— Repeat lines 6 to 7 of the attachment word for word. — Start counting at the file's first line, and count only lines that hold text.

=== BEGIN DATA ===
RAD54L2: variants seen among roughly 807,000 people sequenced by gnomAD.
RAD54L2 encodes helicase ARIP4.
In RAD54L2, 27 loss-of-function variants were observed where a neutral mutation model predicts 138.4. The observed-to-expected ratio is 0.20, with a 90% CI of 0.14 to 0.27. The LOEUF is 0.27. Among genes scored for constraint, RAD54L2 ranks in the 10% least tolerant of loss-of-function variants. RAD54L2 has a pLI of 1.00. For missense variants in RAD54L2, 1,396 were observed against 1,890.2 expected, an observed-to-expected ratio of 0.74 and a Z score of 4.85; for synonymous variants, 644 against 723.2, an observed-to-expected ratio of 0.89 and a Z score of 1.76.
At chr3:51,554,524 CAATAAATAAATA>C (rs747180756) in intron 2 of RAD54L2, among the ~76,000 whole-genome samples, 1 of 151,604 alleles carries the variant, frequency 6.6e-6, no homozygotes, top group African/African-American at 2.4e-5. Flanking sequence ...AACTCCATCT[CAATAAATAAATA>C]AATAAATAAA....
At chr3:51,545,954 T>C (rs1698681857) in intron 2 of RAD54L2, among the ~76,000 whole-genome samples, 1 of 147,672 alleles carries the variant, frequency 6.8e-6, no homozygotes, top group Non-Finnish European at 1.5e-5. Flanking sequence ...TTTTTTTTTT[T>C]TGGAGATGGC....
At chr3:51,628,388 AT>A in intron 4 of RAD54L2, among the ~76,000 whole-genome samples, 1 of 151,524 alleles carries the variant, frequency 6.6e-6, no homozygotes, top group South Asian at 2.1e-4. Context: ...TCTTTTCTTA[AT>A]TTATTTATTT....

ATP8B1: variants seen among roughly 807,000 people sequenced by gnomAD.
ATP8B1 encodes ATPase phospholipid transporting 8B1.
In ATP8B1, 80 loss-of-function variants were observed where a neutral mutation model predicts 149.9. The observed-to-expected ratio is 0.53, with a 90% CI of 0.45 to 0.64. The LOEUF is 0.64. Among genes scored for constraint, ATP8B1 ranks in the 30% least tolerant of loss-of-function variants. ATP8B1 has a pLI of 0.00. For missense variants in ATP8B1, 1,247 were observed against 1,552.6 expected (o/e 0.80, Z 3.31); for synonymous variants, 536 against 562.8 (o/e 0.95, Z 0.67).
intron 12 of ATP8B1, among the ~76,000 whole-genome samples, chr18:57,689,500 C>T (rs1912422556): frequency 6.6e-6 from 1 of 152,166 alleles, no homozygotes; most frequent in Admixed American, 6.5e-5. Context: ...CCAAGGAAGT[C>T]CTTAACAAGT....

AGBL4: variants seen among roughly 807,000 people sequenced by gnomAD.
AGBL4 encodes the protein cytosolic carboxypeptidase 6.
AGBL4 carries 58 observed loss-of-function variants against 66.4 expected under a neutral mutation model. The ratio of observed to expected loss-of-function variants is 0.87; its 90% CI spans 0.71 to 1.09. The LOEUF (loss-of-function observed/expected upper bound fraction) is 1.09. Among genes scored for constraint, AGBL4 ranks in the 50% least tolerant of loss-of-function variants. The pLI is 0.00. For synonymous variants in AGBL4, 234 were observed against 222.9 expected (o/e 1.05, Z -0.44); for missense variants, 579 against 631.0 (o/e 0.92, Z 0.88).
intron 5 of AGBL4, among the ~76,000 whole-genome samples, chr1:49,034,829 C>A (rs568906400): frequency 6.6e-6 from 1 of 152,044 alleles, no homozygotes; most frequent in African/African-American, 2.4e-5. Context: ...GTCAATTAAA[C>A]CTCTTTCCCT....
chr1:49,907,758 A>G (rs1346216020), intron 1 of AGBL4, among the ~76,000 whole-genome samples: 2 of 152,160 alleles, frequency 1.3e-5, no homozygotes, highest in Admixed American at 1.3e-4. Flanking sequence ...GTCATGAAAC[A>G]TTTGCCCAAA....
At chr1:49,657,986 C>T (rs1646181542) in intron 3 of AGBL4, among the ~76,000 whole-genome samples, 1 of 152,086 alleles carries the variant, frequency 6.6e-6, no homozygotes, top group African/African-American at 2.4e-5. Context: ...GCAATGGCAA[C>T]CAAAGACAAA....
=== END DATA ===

At chr3:51,628,388 AT>A in intron 4 of RAD54L2, among the ~76,000 whole-genome samples, 1 of 151,524 alleles carries the variant, frequency 6.6e-6, no homozygotes, top group South Asian at 2.1e-4. Context: ...TCTTTTCTTA[AT>A]TTATTTATTT....

ATP8B1: variants seen among roughly 807,000 people sequenced by gnomAD.